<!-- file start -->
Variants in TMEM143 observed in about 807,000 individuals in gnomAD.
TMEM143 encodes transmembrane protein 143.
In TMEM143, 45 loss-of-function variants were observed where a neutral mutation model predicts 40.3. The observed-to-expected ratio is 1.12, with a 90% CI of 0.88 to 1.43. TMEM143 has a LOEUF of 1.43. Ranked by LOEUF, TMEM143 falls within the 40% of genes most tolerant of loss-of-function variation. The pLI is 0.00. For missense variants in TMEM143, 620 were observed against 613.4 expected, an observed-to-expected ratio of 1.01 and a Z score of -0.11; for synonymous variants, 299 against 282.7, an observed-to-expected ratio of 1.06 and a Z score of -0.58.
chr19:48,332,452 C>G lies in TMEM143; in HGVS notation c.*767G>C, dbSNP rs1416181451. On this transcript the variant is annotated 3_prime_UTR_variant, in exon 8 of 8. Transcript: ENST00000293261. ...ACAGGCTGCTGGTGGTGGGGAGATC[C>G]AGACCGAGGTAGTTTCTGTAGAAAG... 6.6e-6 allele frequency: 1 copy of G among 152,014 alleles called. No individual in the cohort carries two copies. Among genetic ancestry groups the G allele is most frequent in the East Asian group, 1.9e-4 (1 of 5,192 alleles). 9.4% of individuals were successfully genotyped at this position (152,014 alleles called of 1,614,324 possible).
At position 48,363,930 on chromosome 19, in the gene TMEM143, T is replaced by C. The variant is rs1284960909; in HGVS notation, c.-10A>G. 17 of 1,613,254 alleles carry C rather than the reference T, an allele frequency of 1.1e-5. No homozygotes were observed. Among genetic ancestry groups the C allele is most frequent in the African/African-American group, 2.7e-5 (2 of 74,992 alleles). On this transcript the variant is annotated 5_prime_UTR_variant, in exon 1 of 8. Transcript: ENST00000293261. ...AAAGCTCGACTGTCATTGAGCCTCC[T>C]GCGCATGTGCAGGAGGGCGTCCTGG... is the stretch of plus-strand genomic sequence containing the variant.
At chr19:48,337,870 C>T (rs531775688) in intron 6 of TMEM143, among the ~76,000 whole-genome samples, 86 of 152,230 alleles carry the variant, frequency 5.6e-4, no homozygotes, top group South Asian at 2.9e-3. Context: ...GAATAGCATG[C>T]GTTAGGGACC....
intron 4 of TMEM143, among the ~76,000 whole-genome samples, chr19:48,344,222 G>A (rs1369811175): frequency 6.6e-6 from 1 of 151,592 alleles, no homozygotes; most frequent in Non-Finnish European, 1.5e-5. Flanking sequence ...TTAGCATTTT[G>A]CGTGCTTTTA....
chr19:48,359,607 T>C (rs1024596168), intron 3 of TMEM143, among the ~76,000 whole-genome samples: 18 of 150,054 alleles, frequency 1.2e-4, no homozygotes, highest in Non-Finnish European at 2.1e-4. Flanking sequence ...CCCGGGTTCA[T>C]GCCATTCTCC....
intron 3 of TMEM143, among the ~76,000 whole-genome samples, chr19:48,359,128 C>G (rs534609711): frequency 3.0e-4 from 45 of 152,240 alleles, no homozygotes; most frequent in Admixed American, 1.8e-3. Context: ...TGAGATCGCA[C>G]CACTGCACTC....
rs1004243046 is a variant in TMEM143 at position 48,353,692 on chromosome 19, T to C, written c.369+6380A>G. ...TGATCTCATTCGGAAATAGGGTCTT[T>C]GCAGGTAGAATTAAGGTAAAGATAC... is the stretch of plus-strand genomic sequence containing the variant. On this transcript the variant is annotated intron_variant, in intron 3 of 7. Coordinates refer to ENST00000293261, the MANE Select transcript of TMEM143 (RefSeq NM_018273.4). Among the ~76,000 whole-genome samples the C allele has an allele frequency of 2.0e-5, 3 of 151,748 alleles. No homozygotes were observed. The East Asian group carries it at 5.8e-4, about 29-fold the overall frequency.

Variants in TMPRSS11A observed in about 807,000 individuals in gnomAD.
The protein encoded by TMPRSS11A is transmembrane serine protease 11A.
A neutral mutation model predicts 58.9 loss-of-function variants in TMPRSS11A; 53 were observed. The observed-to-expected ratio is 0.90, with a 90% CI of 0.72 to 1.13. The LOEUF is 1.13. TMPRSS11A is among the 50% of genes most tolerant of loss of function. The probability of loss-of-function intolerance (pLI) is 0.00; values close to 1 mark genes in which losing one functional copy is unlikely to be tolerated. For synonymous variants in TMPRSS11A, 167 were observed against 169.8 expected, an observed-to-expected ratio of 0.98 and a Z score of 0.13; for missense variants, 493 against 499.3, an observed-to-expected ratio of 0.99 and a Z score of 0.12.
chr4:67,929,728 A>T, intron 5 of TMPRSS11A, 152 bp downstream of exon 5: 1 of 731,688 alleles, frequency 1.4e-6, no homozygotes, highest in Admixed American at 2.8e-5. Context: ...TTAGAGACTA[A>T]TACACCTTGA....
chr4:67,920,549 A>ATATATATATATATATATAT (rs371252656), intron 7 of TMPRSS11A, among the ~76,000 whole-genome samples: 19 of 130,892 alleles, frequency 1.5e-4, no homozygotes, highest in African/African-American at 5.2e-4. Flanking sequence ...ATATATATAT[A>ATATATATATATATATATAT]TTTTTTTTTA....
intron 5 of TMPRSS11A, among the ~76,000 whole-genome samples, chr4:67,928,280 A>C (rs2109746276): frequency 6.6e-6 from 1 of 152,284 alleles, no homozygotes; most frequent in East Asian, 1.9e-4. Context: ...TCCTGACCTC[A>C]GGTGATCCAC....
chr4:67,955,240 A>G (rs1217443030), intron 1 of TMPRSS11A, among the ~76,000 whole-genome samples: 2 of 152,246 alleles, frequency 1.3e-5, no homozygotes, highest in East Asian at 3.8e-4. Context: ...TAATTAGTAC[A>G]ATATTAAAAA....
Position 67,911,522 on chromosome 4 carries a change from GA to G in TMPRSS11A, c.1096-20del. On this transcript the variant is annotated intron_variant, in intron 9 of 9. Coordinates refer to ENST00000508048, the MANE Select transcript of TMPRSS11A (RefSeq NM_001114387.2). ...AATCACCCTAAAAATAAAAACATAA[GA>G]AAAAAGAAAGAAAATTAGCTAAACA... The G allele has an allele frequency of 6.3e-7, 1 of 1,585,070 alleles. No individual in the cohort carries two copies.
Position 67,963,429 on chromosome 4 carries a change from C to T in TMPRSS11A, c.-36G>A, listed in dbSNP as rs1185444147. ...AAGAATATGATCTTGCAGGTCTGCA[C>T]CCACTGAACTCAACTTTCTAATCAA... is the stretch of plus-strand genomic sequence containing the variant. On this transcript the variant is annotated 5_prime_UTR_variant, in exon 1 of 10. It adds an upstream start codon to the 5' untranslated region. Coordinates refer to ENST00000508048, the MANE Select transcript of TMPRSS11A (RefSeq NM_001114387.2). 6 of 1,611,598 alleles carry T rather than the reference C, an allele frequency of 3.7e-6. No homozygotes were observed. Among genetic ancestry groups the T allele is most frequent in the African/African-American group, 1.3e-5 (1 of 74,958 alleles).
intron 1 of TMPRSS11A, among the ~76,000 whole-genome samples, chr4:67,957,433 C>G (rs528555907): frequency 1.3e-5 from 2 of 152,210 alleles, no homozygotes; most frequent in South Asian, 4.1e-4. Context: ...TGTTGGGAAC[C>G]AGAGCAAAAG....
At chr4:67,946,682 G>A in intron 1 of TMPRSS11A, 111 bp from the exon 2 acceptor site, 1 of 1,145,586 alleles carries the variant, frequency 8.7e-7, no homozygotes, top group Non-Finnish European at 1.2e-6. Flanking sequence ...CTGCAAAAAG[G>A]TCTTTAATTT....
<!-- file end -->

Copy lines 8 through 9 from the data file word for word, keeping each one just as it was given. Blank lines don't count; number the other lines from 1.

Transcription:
chr19:48,359,607 T>C (rs1024596168), intron 3 of TMEM143, among the ~76,000 whole-genome samples: 18 of 150,054 alleles, frequency 1.2e-4, no homozygotes, highest in Non-Finnish European at 2.1e-4. Flanking sequence ...CCCGGGTTCA[T>C]GCCATTCTCC....
intron 3 of TMEM143, among the ~76,000 whole-genome samples, chr19:48,359,128 C>G (rs534609711): frequency 3.0e-4 from 45 of 152,240 alleles, no homozygotes; most frequent in Admixed American, 1.8e-3. Context: ...TGAGATCGCA[C>G]CACTGCACTC....